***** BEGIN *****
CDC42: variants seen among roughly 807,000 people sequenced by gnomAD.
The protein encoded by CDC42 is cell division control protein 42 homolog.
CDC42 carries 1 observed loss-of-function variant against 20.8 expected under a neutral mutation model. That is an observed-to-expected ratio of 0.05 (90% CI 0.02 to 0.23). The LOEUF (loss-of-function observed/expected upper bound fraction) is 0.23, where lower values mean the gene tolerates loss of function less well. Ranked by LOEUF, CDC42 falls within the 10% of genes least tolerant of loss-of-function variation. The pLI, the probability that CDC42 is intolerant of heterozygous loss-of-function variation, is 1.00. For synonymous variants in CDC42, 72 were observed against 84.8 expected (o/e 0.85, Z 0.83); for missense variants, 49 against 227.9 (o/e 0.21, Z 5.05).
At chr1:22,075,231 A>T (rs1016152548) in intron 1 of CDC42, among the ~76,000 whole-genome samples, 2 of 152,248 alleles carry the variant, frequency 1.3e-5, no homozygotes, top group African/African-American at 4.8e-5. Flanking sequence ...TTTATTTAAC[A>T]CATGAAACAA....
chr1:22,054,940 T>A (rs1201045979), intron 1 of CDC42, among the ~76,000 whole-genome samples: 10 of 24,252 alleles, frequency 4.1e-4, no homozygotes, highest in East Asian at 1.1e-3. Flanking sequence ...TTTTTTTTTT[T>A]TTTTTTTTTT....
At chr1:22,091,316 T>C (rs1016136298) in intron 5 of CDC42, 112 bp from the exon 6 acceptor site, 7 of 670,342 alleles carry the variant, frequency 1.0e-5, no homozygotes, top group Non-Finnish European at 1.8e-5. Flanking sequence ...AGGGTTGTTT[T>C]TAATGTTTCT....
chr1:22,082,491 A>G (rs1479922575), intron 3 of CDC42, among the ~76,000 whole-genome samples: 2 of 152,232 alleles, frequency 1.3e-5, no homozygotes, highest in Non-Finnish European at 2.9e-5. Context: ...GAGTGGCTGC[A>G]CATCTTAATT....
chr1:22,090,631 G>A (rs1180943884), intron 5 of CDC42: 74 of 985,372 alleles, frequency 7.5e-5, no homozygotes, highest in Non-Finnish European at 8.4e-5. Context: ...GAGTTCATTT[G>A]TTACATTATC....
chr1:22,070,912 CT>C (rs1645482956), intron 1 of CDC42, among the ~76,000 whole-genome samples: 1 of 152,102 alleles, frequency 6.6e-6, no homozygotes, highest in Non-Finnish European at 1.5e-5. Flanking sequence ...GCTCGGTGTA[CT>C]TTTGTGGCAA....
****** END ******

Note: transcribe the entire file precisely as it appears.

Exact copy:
CDC42: variants seen among roughly 807,000 people sequenced by gnomAD.
The protein encoded by CDC42 is cell division control protein 42 homolog.
CDC42 carries 1 observed loss-of-function variant against 20.8 expected under a neutral mutation model. That is an observed-to-expected ratio of 0.05 (90% CI 0.02 to 0.23). The LOEUF (loss-of-function observed/expected upper bound fraction) is 0.23, where lower values mean the gene tolerates loss of function less well. Ranked by LOEUF, CDC42 falls within the 10% of genes least tolerant of loss-of-function variation. The pLI, the probability that CDC42 is intolerant of heterozygous loss-of-function variation, is 1.00. For synonymous variants in CDC42, 72 were observed against 84.8 expected (o/e 0.85, Z 0.83); for missense variants, 49 against 227.9 (o/e 0.21, Z 5.05).
At chr1:22,075,231 A>T (rs1016152548) in intron 1 of CDC42, among the ~76,000 whole-genome samples, 2 of 152,248 alleles carry the variant, frequency 1.3e-5, no homozygotes, top group African/African-American at 4.8e-5. Flanking sequence ...TTTATTTAAC[A>T]CATGAAACAA....
chr1:22,054,940 T>A (rs1201045979), intron 1 of CDC42, among the ~76,000 whole-genome samples: 10 of 24,252 alleles, frequency 4.1e-4, no homozygotes, highest in East Asian at 1.1e-3. Flanking sequence ...TTTTTTTTTT[T>A]TTTTTTTTTT....
At chr1:22,091,316 T>C (rs1016136298) in intron 5 of CDC42, 112 bp from the exon 6 acceptor site, 7 of 670,342 alleles carry the variant, frequency 1.0e-5, no homozygotes, top group Non-Finnish European at 1.8e-5. Flanking sequence ...AGGGTTGTTT[T>C]TAATGTTTCT....
chr1:22,082,491 A>G (rs1479922575), intron 3 of CDC42, among the ~76,000 whole-genome samples: 2 of 152,232 alleles, frequency 1.3e-5, no homozygotes, highest in Non-Finnish European at 2.9e-5. Context: ...GAGTGGCTGC[A>G]CATCTTAATT....
chr1:22,090,631 G>A (rs1180943884), intron 5 of CDC42: 74 of 985,372 alleles, frequency 7.5e-5, no homozygotes, highest in Non-Finnish European at 8.4e-5. Context: ...GAGTTCATTT[G>A]TTACATTATC....
chr1:22,070,912 CT>C (rs1645482956), intron 1 of CDC42, among the ~76,000 whole-genome samples: 1 of 152,102 alleles, frequency 6.6e-6, no homozygotes, highest in Non-Finnish European at 1.5e-5. Flanking sequence ...GCTCGGTGTA[CT>C]TTTGTGGCAA....